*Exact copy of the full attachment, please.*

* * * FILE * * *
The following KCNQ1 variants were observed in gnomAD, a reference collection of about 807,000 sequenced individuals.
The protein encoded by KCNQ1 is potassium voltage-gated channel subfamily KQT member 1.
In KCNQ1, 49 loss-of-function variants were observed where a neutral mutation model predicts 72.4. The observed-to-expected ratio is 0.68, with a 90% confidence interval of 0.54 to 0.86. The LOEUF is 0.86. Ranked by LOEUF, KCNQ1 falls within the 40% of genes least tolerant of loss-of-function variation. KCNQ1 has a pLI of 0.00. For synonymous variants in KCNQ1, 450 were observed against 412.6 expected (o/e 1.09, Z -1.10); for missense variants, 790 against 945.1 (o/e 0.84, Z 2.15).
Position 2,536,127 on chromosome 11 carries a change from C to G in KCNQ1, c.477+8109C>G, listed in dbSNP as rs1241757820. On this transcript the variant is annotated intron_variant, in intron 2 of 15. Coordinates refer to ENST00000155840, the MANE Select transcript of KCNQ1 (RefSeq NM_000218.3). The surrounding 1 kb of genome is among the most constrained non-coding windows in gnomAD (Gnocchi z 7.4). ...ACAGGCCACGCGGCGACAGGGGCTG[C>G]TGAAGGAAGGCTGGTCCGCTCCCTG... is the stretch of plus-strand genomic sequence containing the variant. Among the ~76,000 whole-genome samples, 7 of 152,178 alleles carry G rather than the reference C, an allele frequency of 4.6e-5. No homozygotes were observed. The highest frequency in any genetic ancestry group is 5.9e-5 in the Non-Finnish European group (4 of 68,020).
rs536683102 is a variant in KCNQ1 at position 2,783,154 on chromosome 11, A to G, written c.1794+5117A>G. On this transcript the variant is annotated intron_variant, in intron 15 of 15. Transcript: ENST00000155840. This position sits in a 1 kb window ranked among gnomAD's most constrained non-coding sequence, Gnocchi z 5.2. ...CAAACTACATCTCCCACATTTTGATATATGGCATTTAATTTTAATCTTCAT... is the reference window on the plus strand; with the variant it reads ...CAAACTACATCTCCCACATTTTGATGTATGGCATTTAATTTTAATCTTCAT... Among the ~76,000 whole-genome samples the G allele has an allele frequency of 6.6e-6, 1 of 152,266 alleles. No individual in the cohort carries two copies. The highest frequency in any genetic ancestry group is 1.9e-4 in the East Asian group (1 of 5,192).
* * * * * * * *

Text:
The following KCNQ1 variants were observed in gnomAD, a reference collection of about 807,000 sequenced individuals.
The protein encoded by KCNQ1 is potassium voltage-gated channel subfamily KQT member 1.
In KCNQ1, 49 loss-of-function variants were observed where a neutral mutation model predicts 72.4. The observed-to-expected ratio is 0.68, with a 90% confidence interval of 0.54 to 0.86. The LOEUF is 0.86. Ranked by LOEUF, KCNQ1 falls within the 40% of genes least tolerant of loss-of-function variation. KCNQ1 has a pLI of 0.00. For synonymous variants in KCNQ1, 450 were observed against 412.6 expected (o/e 1.09, Z -1.10); for missense variants, 790 against 945.1 (o/e 0.84, Z 2.15).
Position 2,536,127 on chromosome 11 carries a change from C to G in KCNQ1, c.477+8109C>G, listed in dbSNP as rs1241757820. On this transcript the variant is annotated intron_variant, in intron 2 of 15. Coordinates refer to ENST00000155840, the MANE Select transcript of KCNQ1 (RefSeq NM_000218.3). The surrounding 1 kb of genome is among the most constrained non-coding windows in gnomAD (Gnocchi z 7.4). ...ACAGGCCACGCGGCGACAGGGGCTG[C>G]TGAAGGAAGGCTGGTCCGCTCCCTG... is the stretch of plus-strand genomic sequence containing the variant. Among the ~76,000 whole-genome samples, 7 of 152,178 alleles carry G rather than the reference C, an allele frequency of 4.6e-5. No homozygotes were observed. The highest frequency in any genetic ancestry group is 5.9e-5 in the Non-Finnish European group (4 of 68,020).
rs536683102 is a variant in KCNQ1 at position 2,783,154 on chromosome 11, A to G, written c.1794+5117A>G. On this transcript the variant is annotated intron_variant, in intron 15 of 15. Transcript: ENST00000155840. This position sits in a 1 kb window ranked among gnomAD's most constrained non-coding sequence, Gnocchi z 5.2. ...CAAACTACATCTCCCACATTTTGATATATGGCATTTAATTTTAATCTTCAT... is the reference window on the plus strand; with the variant it reads ...CAAACTACATCTCCCACATTTTGATGTATGGCATTTAATTTTAATCTTCAT... Among the ~76,000 whole-genome samples the G allele has an allele frequency of 6.6e-6, 1 of 152,266 alleles. No individual in the cohort carries two copies. The highest frequency in any genetic ancestry group is 1.9e-4 in the East Asian group (1 of 5,192).